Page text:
Our Latest News
We have spent much of our time at the Center working on cancer prevention, and more recently on autism spectrum disorder (ASD). Promising new research on each of these topics has been in the news lately, and in each case we are reminded of the critical nature of periconceptional nutrition:
In the first paper (Li et al 2018), prenatal maternal dietary exposure to sulforaphane from broccoli sprouts was most effective in inhibiting mammary tumor development (the mouse model of breast cancer) compared to postnatal early life (pre-puberty) and adult broccoli sprout treatment in two separate mouse models. This is one of many studies implicating in-utero exposure to dietary ingredients as being of great potential importance to later physical and mental development as well as disease susceptibility.
The second paper (Lammert et al 2018), explores the absolutely critical role that the gut (e.g. intestinal) microbiota (the bacteria, viruses, and other creatures which inhabit your insides) play in our development. The authors find that preconception manipulation of the microbiota can transfer susceptibility to autism (in a mouse model) from one animal to another. They further show that this susceptibility is related to maternal immune response.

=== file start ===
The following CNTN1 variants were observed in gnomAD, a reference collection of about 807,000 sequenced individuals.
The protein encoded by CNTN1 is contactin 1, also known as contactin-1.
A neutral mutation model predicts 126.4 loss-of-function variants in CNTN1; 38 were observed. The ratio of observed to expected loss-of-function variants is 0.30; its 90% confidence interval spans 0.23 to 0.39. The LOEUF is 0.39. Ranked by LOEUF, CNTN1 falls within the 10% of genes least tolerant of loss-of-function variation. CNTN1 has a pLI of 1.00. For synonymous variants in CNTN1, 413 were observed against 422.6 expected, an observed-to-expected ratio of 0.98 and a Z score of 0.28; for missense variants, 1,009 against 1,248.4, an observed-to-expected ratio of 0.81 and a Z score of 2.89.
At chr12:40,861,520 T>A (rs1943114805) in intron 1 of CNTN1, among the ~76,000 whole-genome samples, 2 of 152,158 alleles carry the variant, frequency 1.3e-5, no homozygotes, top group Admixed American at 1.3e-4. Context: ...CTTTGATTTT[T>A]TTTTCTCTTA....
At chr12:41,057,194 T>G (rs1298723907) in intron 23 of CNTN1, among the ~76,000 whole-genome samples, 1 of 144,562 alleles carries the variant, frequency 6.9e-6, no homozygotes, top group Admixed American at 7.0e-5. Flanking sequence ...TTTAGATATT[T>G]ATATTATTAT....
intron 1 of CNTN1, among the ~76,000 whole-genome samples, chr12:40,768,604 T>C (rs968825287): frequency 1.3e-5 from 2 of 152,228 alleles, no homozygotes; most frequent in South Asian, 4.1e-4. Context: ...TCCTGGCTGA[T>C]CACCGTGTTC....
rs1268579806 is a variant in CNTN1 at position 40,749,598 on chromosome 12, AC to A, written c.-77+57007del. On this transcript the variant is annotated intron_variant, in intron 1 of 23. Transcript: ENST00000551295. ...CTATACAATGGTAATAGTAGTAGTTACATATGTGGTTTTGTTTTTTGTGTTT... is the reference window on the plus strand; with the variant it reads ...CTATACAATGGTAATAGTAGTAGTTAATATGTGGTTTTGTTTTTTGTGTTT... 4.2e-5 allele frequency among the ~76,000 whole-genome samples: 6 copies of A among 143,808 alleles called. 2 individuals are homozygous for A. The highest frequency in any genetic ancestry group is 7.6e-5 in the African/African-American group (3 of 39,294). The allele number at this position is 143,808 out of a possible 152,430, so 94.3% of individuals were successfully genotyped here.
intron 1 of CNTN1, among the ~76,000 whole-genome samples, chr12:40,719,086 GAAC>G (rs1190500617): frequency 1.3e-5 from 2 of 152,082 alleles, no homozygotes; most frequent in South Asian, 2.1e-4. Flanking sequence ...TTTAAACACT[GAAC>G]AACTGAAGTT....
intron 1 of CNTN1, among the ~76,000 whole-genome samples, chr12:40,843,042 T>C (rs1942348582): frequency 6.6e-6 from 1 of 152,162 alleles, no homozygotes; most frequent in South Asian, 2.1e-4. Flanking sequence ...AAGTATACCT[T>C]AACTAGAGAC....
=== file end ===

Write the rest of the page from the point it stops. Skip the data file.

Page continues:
Therapeutic strategies stemming from both studies, could involve very simple dietary changes.
We are happy to provide pdf files of these papers to anyone who cannot access them and would like to examine them more closely.
Welcome to our Newest Additions!
And Goodbye to a Great Student!
Anita is a 4th-year doctoral candidate in at the Johns Hopkins Bloomberg School of Public Health, who has just gone back to Chicago to be with her family and finish her dissertation. We already miss her! She is studying the association between maternal plasma metabolites and offspring autism (ASD) in the Boston Birth Cohort. She is evaluating the role particular metabolites are playing — as co-risk factors of obesity and diabetes – in the prediction of offspring ASD. Her research will offer insight into the underlying mechanisms linking the maternal metabolic challenges of obesity and/or diabetes to offspring ASD. Anita has been with our Center for over three years working on various projects, including the cell-phone protein assay, flavor masking for Moringa-based foods, and designing a clinical trial for children with ASD.